25. Mark B.,

    I’m glad to know that I’m in good company. But I’m bitter that I’ve been denied 20 years of worry-free eating.

  26. Tanya S. says:

    I gained 8 to 10 pounds in the MTC, lost it all in the first month in the mission plus about another 10 pounds (walking area), but then regained that extra 10 pounds lost over the rest of the mission (car areas). So I came home the same weight I left.

  27. pre-mission: 270
    Home from Mission (Argentina): 225
    Marriage: 250
    Now (33): the scale only goes to 300

  28. Ah yes – a weight thread – this is something I can get involved with!

    My weight gain and loss has recently been document for the world to see on the incredibly goofy “Biggest Loser”. Here’s my history:

    sophmore year – wrestled at a pudgy 172
    enter MTC – 210
    6 months into mission in beautiful Minnesota – 240
    12 months into mission – 260
    18 months – 280
    end of mission – 208.
    I joined Weight Watchers with six months left in my mission and stuck to it for six months and lost over 70 lbs. I HAD to look good for the ladies when I got back to the BYU. Going to Weight Wathchers in the basement of small church in St. Peter MN (population 4,500) with my skinny companion was very entertaining. Most people thought we were pretty strange at first. After going every week we got to know all the pudgy ladies in town very well and taught many discussion to the other Weight Watchers, and had many heathly dinner appointments. It turned out to be a great way to find people to teach. My companion was also incredibly supportive of my weight loss. He was the first person that could tell me to eat right and i didn’t want to throw him out a window. He had a way about him that was supportive and not annoying to an overweight person. Thanks Elder Strong – wherever you are!

    got married – 215
    one year of marriage – 225
    second year of marriage – 240
    third year of marriage – 255
    fourth year – then divorced! – 265
    after 5 years of being single – 300
    get married again – 300
    two years of second marriage – 330
    six months of reality TV – 208
    now – 240

    I killed myself the last week of the show and lost about 25 lbs of water weight – which i didn’t know was possible until i talked to my doctor. I gained about 30lbs in the six days after the final show.

    If anyone is curious – check out my site at http://www.ryancbenson.com (shameless plug)

  29. HL Rogers says:

    pre-mission: 155
    post-mtc: 160
    3 months into mission: 150
    close to end of mission: 165
    end of mission after food poisoning: 145
    now (7 years later): 150

  30. Ryan, do you think you’re about stable at 240? just curious.

  31. I want to live somewhere between 210 and 220. I’m 6’1″ with a fairly large frame. So 210 – 220 would be a good weight for me. I’m still working out a lot trying to get to that weight – this time I’ll do it a little slower (1-2 lbs./week) which the experts always say is a much healthier way to lose.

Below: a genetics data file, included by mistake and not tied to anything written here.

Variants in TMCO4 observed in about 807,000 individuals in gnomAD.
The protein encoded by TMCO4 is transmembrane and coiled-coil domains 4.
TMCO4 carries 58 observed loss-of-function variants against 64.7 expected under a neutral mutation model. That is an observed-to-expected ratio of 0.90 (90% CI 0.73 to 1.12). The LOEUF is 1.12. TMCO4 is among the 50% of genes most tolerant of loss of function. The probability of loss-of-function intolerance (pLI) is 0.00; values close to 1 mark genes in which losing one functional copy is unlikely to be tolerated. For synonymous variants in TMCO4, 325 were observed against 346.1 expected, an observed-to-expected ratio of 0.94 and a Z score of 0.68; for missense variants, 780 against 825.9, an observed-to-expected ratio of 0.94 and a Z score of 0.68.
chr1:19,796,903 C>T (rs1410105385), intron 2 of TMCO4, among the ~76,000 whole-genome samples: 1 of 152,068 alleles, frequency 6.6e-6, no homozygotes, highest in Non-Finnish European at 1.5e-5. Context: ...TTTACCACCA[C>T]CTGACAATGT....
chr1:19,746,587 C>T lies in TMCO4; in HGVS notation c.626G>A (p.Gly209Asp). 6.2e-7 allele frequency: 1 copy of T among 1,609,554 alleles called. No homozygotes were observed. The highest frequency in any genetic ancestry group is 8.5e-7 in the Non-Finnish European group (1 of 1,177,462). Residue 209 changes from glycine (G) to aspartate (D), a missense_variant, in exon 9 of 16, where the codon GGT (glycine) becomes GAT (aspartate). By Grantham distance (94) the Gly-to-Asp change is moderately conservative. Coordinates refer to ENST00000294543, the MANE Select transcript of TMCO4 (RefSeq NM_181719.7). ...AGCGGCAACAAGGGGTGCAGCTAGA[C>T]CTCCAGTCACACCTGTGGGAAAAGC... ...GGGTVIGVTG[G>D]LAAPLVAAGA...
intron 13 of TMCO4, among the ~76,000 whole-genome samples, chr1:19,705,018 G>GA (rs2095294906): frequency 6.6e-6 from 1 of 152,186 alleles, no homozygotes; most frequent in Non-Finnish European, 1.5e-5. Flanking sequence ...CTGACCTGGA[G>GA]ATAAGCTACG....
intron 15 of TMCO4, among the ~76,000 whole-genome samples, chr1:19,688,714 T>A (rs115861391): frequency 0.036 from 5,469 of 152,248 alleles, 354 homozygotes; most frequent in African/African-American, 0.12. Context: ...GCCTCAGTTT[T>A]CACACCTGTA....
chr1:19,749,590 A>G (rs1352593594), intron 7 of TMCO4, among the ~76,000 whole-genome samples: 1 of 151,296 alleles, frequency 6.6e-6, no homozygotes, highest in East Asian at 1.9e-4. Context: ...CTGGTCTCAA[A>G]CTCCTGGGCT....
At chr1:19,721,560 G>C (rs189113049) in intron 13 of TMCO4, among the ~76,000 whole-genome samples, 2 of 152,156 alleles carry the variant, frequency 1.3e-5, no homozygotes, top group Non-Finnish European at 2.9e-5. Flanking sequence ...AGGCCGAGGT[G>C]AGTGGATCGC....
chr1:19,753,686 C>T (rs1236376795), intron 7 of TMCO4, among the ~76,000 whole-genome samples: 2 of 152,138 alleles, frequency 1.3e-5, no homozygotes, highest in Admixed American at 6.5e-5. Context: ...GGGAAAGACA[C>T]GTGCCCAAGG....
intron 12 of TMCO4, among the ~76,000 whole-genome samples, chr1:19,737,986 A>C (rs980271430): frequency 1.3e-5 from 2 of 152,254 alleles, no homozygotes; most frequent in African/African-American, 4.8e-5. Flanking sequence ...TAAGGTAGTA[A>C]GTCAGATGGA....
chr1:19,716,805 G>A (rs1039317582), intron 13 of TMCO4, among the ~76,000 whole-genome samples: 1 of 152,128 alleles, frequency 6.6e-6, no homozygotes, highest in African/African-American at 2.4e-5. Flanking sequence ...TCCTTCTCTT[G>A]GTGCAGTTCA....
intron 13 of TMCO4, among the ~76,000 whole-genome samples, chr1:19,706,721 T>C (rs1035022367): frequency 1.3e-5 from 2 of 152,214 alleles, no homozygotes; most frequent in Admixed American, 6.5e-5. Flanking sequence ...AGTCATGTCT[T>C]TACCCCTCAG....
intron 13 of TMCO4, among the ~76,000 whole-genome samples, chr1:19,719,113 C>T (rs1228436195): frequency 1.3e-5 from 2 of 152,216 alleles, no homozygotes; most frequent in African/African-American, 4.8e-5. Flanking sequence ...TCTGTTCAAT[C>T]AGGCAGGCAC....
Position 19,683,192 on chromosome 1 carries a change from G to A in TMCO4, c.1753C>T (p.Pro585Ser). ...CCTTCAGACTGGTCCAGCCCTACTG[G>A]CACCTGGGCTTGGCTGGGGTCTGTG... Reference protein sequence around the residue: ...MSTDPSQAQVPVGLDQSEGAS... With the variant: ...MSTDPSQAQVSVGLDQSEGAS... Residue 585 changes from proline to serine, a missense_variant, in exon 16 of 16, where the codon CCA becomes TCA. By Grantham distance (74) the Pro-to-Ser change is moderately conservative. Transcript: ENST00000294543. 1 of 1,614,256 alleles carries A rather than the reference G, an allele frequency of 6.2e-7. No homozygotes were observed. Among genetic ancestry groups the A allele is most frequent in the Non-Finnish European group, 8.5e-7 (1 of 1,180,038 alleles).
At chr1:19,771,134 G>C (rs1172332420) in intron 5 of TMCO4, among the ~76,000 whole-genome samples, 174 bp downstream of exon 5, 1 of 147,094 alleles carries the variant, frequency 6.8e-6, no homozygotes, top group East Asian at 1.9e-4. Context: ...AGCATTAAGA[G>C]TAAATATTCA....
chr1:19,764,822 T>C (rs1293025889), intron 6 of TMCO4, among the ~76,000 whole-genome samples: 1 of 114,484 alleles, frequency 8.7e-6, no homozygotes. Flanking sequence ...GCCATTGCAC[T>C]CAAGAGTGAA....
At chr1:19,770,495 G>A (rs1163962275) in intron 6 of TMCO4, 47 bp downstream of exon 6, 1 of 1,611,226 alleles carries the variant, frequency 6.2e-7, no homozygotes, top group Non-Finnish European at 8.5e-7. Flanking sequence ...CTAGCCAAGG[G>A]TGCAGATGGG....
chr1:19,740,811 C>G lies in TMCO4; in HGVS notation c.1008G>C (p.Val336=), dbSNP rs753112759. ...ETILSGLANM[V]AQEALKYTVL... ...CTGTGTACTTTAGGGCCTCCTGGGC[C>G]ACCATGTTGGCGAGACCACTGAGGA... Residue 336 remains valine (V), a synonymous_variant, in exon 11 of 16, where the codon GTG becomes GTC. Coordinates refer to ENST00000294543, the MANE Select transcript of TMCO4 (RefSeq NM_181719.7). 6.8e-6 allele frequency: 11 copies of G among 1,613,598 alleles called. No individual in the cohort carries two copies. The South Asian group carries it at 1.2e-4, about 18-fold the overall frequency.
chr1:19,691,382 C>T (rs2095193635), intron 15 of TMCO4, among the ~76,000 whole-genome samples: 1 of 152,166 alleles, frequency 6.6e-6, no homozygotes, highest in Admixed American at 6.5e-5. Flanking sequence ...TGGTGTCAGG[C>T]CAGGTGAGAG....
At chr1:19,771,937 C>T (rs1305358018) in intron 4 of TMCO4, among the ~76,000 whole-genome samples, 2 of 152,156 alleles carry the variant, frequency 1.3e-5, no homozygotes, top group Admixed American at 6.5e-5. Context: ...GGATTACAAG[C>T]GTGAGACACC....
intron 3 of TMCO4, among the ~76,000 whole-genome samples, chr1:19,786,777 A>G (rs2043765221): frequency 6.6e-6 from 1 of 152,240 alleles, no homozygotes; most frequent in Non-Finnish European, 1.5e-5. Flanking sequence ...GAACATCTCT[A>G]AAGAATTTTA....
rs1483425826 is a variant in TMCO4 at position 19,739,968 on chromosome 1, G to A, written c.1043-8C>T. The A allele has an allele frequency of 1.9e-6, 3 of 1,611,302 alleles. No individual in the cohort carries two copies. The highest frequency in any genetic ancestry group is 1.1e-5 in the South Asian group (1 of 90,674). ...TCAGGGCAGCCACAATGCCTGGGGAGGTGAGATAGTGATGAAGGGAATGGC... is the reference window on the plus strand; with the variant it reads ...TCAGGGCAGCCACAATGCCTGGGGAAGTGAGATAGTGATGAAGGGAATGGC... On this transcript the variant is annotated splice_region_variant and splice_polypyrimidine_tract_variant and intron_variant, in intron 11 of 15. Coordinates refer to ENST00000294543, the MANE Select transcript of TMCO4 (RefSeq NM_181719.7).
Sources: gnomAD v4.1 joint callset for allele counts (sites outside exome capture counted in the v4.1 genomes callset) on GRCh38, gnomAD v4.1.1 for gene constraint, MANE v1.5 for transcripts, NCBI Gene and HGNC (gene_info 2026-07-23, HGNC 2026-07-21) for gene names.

32. I went in being a very skinny 6’4″ 175 lbs. I came back a nearly invisible 6’4″ 140 lbs.

  33. Aaron Brown says:

    Another sister missionary weight story:

    Sister “J” was very overweight before her mission. She also dressed in all black, wore pasty white make-up, and carried a broadsword under her robe. Kind of scary. I didn’t know her personally, but I remember seeing her at BYU my freshman year. She was kind of hard to miss.

    In the mission field, Sister H lost a ton of weight, while all the other sisters were gaining. In addition, since she was a white, American girl in Argentina, she was considered at least twice as attractive as she would have been back home, even controlling for her weight. But once you take the weight loss into consideration, she was probably at least 10 times as attractive as she’d ever been before. The result was that she had tons of male suitors in Argentina pursuing her, and she had no experience dealing with this kind of thing. Every area she moved to, the locals hit on her, and she was so flattered, she couldn’t help but invite the attention. This always became a problem for the DLs or ZLs (though, in fairness, I don’t think anything unseemly ever happened).

    After the mission, I would run into her at the Y now and again. She had put back on much of her weight (though not all of it), and no longer had the “I’m an American girl in Argentina” thing going for her.

    I have often thought about this sister over the years because of what I see as the terrible unfairness of her dilemma. The one time in her life that she had a full plate of male suitors was the one time she couldn’t officially do anything about it. Life is unfair.

    Aaron B

  34. Aaron, that tale of woe is sad indeed, but I am laughing my butt off. Classic!

  35. Not a great trend here:

    High school — 170 or so.
    Mission — didn’t really gain or lose, came home around 170.
    Married, age 22. 180ish, I think.
    Through college — still in the 180’s.
    Law school — starting to climb, it might have hit 190.
    After 4 years in a job where I sit in a chair in an office all day for long hours, order client-paid-for chinese food delivery for dinner (and sit at the desk and eat it as I work on a brief), and go to firm-paid lunches at NYC’s best restaurants to try to woo summer associates to the firm: 210.

    Yeah, I need to get in better shape.